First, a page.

The idea was planted in Elise Carey's mind to create an exchange where growers could check out a variety of seeds for flowers and vegetables, grow them and return new seeds for others.
"I started working here just over three years ago, and I had heard of seed libraries from various parts of the world and thought, 'Gosh, they're a great idea,'" Elise Carey said of the seed library within the St. Clare Library on the campus of the Franciscan Sisters of Little Falls.
The seed library is an extension of St. Clare Library, a sponsored ministry of the Franciscan Sisters in Little Falls, a Roman Catholic congregation of religious women of the Third Order of St. Francis of Assisi, according to the group's website.
"Borrowers have the opportunity to 'check out' flower and vegetable seeds, plant (in spring), grow and produce-and then harvest the seeds (in fall) to return to St. Clare Seed Library's seed exchange for others to repeat the growing cycle," said Jan Roering, convent spokeswoman.
Carey said, "Another goal is for people to just have a go at gardening. Sometimes they think 'Oh, it's too expensive,' or 'I don't have the room,' and so this would provide an opportunity if they just wanted to grow a plant in a big pot. There's not a big investment as far as seeds."
As followers of St. Francis and Clare of Assisi, the Franciscan nuns are "committed to caring for the environment, Mother Earth and all of creation," and the Franciscans strive for "simplicity and sustainability in every aspect of their lives," according to the religious order's website.
"When I started working here, I thought what a perfect place to house a seed library. It's very Franciscan, it matches with Franciscan values, and so it was more the idea came first. But upon getting the position here as library director, I thought this would be ideal," Carey said.
Roering said, "It also encourages food literacy and education, increases knowledge of gardening and horticulture, helps with sustainability and promotes healthy living and eating."
The seeds circulated at lending libraries are usually regionally adapted and heirloom varieties, according to a promotional pamphlet, and the purpose of most seed libraries is to provide an alternative to genetically modified seed, increase biodiversity and build plant resilience.
"We started the seed library, but in the beginning we really didn't have any seeds, so the idea was getting the word out to people, for example, at our community gardens here at the convent and just gardeners. A lot of the lay staff and the sisters off campus had gardens," Carey said.
"I was also given two beans-so the pressure is on to grow them and multiply them-and it's a bean that was found in a cave, so it's pretty rare. They were found in a clay pot in an archeological dig, and it was estimated it was about 1,500 years old where they were digging."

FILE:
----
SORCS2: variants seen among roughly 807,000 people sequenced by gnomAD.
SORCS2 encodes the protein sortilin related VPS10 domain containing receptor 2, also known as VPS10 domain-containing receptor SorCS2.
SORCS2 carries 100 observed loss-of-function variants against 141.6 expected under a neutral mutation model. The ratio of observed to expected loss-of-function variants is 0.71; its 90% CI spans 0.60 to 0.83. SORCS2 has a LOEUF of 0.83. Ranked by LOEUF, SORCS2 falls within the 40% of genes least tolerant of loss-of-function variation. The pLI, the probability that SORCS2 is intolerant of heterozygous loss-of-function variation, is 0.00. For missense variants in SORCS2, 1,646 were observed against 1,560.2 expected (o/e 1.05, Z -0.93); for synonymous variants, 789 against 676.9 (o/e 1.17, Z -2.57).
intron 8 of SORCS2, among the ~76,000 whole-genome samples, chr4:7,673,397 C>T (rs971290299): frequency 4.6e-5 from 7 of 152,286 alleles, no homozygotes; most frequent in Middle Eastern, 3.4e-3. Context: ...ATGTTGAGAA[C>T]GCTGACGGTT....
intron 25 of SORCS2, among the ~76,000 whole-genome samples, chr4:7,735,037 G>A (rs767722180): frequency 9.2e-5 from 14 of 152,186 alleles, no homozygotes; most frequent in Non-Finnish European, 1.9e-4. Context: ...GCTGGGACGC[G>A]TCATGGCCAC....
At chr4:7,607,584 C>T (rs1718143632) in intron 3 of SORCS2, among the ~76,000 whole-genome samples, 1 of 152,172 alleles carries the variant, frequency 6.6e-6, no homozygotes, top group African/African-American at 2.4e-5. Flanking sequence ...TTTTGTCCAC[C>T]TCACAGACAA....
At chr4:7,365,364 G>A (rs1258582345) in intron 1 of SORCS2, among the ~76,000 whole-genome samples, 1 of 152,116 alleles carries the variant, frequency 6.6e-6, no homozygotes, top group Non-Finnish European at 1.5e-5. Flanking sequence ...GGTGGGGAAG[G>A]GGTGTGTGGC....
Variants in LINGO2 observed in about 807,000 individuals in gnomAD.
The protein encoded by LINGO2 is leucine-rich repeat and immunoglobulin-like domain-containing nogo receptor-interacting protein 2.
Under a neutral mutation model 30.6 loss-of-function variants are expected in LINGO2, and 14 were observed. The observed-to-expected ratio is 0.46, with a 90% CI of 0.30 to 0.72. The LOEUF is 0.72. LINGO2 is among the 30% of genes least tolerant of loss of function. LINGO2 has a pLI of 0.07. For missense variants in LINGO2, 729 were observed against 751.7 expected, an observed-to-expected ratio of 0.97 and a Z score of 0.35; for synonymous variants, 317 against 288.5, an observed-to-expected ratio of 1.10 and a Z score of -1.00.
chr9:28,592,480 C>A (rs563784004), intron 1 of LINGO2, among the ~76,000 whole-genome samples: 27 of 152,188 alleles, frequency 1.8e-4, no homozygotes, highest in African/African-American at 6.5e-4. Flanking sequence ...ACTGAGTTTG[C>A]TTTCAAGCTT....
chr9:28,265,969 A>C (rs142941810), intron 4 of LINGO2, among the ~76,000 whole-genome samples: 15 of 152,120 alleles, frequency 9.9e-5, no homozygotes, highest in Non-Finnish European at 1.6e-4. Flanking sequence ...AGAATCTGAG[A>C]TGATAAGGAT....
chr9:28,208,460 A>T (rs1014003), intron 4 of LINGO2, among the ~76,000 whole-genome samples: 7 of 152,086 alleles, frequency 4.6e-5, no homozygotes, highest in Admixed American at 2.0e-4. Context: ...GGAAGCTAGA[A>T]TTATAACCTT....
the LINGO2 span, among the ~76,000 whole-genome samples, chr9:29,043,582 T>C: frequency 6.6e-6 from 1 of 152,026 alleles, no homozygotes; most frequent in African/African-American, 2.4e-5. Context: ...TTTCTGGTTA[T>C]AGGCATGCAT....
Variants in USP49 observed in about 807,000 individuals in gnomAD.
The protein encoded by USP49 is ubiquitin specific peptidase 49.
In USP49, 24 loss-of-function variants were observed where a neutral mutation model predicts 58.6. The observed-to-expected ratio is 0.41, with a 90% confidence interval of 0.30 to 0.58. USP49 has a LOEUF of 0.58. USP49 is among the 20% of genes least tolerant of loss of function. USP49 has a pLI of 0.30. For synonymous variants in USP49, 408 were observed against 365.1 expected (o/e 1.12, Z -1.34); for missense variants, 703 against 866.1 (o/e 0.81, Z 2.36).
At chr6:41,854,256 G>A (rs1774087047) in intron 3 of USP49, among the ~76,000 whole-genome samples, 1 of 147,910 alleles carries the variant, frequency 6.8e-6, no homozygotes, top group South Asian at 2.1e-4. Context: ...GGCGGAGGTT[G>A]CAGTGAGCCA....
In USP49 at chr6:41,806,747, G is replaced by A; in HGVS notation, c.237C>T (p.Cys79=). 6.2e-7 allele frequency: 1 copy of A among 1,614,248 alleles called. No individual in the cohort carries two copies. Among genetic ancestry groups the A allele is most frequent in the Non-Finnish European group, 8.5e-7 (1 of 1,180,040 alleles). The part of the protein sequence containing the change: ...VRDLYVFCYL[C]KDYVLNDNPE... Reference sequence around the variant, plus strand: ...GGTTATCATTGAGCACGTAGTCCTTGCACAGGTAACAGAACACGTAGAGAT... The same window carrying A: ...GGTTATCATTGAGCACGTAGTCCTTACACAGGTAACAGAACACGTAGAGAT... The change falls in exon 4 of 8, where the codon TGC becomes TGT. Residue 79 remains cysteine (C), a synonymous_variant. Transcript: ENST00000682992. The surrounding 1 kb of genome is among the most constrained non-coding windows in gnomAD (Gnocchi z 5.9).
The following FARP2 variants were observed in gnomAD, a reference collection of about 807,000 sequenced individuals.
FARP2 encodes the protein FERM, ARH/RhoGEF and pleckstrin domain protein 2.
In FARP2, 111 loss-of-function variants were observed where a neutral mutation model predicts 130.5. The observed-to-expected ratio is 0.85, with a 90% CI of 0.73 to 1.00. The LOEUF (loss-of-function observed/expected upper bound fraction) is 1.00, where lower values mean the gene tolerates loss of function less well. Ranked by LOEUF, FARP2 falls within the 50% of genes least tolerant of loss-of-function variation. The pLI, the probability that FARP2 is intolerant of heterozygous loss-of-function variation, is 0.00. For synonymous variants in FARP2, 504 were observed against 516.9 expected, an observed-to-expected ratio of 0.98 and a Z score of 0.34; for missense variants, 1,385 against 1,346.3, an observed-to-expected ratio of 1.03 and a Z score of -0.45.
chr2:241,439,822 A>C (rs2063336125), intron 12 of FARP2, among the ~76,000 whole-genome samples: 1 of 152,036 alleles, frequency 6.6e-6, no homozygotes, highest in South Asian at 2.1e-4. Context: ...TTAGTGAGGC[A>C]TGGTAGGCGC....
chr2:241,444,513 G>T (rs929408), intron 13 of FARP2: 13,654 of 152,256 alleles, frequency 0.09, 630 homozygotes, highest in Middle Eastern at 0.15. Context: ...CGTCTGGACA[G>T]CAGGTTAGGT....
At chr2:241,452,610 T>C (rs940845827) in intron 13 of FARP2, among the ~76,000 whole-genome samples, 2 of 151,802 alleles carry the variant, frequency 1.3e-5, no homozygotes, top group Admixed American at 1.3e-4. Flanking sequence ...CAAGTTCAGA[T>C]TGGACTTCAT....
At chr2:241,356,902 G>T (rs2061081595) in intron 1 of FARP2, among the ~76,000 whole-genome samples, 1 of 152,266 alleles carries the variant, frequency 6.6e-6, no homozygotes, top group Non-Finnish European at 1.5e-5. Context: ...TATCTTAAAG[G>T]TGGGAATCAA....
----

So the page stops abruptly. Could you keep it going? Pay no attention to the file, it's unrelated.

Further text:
Anyone can contribute seeds to the seed library. The only seeds not accepted are hybrid seeds, which change in composition after the first year's growth.
"We have maybe 12 different varieties of vegetables, but within that we have, for example, 15 varieties of tomatoes, and we have about 13 varieties of beans, 10 varieties of pumpkins/squash," Carey said.
The Franciscan seed library also includes flowers with more than 10 varieties of perennials and more than 15 varieties of annuals, according to Carey.
"Nasturtium is one of our most popular because they are beautiful and edible, and are a good companion plant. ... As for vegetables, I would say sugar snap peas, small peppers and a variety of cherry tomatoes are popular because kids like them, and parents will get them for their kids," Carey said.
"All of these seeds have come from growers, gardeners in Minnesota. We do have some (squash) seeds from the Ojibwe tribe that have been donated. They were given by the Ojibwe to the daughter of the donor. What they said to her was, 'Give these out.'"
To get started with the Little Falls-based seed library and exchange, become a registered patron of the St. Clare Library; select up to five seed packets for free; plant the seeds, grow them and harvest; return dried seeds to the library; and provide information on each variety of the seeds.
"We've also had people move from a more urban area to here, and now they actually have a little bit of land. They come here to the seed library for seeds because with it they also get a little bit of advice, and if I don't know, I pass them onto master gardeners I know," Carey said.
For more information about the seed library and exchange, call 320-632-0634 or email email@example.com. Upon arrival at the library, patrons must contact Carey for assistance.
Seed library goals
• Provide a public source of free seeds for all.
• Instill the important principle of public ownership of seed and plant materials.
• Increase knowledge of gardening, horticulture and sustainability.
• Promote healthy living and eating.
• Contribute to developing a regionally adapted seed stock.
• Engage kids and adults in an educational and worthwhile activity.
Source: Franciscan Sisters of Little Falls